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Spotting scope for spotter airplanes. (1 Viewer)

albatrosviajero

Well-known member
Hello,
Someone could recommend me some refractor for aircraft observation, at cruising speed?
Would be more important aperture or magnification in this case ..?
Anyone have experience in this topic? And eyepieces, would it be better with great apparent field?
Maybe a binocular ?
Thank you very much,

Al
 

jring

Well-known member
Hi,

behind the bird reserve I can see from my balcony is the end of the glide path to one of the runways of Frankfurt Airport (FRA), one of the major hubs, so birdwatching on the balcony always implies seing the big birds.

But that means low speed, close range (3.5km) and thus it's hard to pull off with a scope even at low mags due to high angular velocity. When I try it, I need a good aiming aid like Kimmos cable tie trick and lowest magnification only. Usually I use my bins for the metal birds and keep the scope on the feathered ones.

If you are looking for cruising speed and obviously height, I would try to find it with the cable tie trick and lowest mag and then zoom in while following it with the scope.

Joachim
 

tlb

Well-known member
Scope for Spotting Airplanes

Al,

This is a subject near and dear to my heart. Over 90% of my scope usage is for spotting planes. In particular, I enjoy trying to make ID’s at extreme distances – my record is positive ID of a Boeing 747 Large Cargo Freighter (DreamLifter) at ~120 miles (obviously aided by its rather unique outline).

A nice thing about plane spotting is that, for typical viewing angles, you are looking through much less air than an equivalent terrestrial distance plus heat haze is greatly reduced.

I started with a Nikon ED82A (angled body is all but mandatory). As much as I love the scope, the zoom’s relatively narrow FOV makes acquisition difficult at the best of times. The 30x DS fixed EP is great – much easier acquisition and just a delightful image but, obviously you give up the zoom.

As for magnification, when everything is just right, high magnification allows for some remarkable images. However, more often than not, vibration/movement caused by inability to pan perfectly smoothly means that I can extract as much or more detail at lower powers.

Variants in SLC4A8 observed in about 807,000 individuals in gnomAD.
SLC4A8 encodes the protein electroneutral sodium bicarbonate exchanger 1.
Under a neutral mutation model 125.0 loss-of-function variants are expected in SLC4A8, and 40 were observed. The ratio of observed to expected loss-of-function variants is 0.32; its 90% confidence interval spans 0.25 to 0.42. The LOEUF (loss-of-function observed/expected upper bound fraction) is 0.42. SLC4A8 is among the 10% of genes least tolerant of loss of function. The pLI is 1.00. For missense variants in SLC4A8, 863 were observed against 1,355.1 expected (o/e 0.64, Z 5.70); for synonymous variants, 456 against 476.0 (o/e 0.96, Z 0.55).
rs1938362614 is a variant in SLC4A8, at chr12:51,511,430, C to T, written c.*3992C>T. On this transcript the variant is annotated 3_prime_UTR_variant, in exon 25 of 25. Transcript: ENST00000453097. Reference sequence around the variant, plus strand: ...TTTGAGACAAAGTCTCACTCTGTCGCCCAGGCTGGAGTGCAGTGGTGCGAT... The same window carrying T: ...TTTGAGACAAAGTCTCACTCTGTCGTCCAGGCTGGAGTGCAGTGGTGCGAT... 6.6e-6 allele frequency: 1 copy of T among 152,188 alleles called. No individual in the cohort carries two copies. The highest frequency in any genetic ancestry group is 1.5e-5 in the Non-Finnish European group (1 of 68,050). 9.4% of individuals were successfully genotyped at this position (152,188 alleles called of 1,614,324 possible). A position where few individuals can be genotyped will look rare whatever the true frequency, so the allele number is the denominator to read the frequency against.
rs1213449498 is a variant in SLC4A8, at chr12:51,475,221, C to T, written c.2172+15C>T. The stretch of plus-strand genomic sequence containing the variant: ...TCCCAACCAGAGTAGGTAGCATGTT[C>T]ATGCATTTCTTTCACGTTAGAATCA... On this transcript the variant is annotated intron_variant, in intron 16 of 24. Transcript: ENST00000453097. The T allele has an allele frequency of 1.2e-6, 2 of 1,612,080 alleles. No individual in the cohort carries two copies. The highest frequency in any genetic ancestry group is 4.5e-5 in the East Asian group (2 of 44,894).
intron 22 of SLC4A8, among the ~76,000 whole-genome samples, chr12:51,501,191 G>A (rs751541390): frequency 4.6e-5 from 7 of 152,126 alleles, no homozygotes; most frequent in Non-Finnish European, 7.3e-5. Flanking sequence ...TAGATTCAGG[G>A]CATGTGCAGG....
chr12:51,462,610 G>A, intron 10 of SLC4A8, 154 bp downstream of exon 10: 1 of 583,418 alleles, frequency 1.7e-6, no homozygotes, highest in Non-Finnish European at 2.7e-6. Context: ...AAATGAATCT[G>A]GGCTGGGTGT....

Speaking of which, I’m continually amazed at how much detail I can see with Canon 10x image-stabilized binoculars relative to a spotting scope at 30x. I like the stabilized view so much that I am tempted to try a Nikon VR scope to see if it affords the same sort of improvement. (My wife is helping me manage the temptation.) I would guess it could deliver significantly more “effective detail” at its 60x max than the ED82 at 75x or my Swarovski ATX at 70’ish. (Assuming its VR system can cope with panning.)

I’ve been rambling so, I would suggest:

- Good mid-range or better angled scope ( I’m not convinced this application benefits from the last bit of performance of the uber scopes even though they are a pleasure to use)
- Low dispersion glass (to help suppress color fringing which can occur in backlit situations common in plane spotting)
- Wide field of view (for me, much more important than aperture)
- 25-40x for most days (and 60-70x if you want to be ready for really good conditions)
- As Joachim indicated, a good aiming device
- Stable tripod
- Smooth pan/tilt head (I'm using Gitzo 2380 at the moment but still looking)
- Definitely give consideration to IS binoculars


Hope this helps,

Tony
 

jring

Well-known member
Why is an angled scope 'all but mandatory'? Easier to get onto the target with a straight through.

Actually getting on to the target with an aiming aid is even easier than using a straight imho - but anyways using a straight scope for planespotting will result in a sore neck. An astro scope with 90 deg would be even better.

Joachim
 

Colin

Axeman (Retired)
England
Aching neck? As long as the scope is high enough which means having tripod high enough there is no problem. I use a straight ED82. No aiming aids as I keep a case on it permanently but if you keep both eyes open it is easy to watch the target with one eye outside of scope and watch it in scope with other eye.
 

wachipilotes

Well-known member
Maybe the straight concept is more eye-object connection, but for the neck is .......ummmm!!, and 45º or 90º diagonal, is more comfortable for the neck , but eye-object connection can be more harder..
Regards
 

jring

Well-known member
Aching neck? As long as the scope is high enough which means having tripod high enough there is no problem. I use a straight ED82. No aiming aids as I keep a case on it permanently but if you keep both eyes open it is easy to watch the target with one eye outside of scope and watch it in scope with other eye.

Yeah, I'm rather tall, so getting a straight scope to eye level for watching stuff on the ground or nearly so is more than most tripods can handle.
If I would want to watch planes above, I would need to get the scope even higher and look up, which will make my neck ache over time.

There's a reason why stargazers invented the diagonal for their refractors...

Joachim
 
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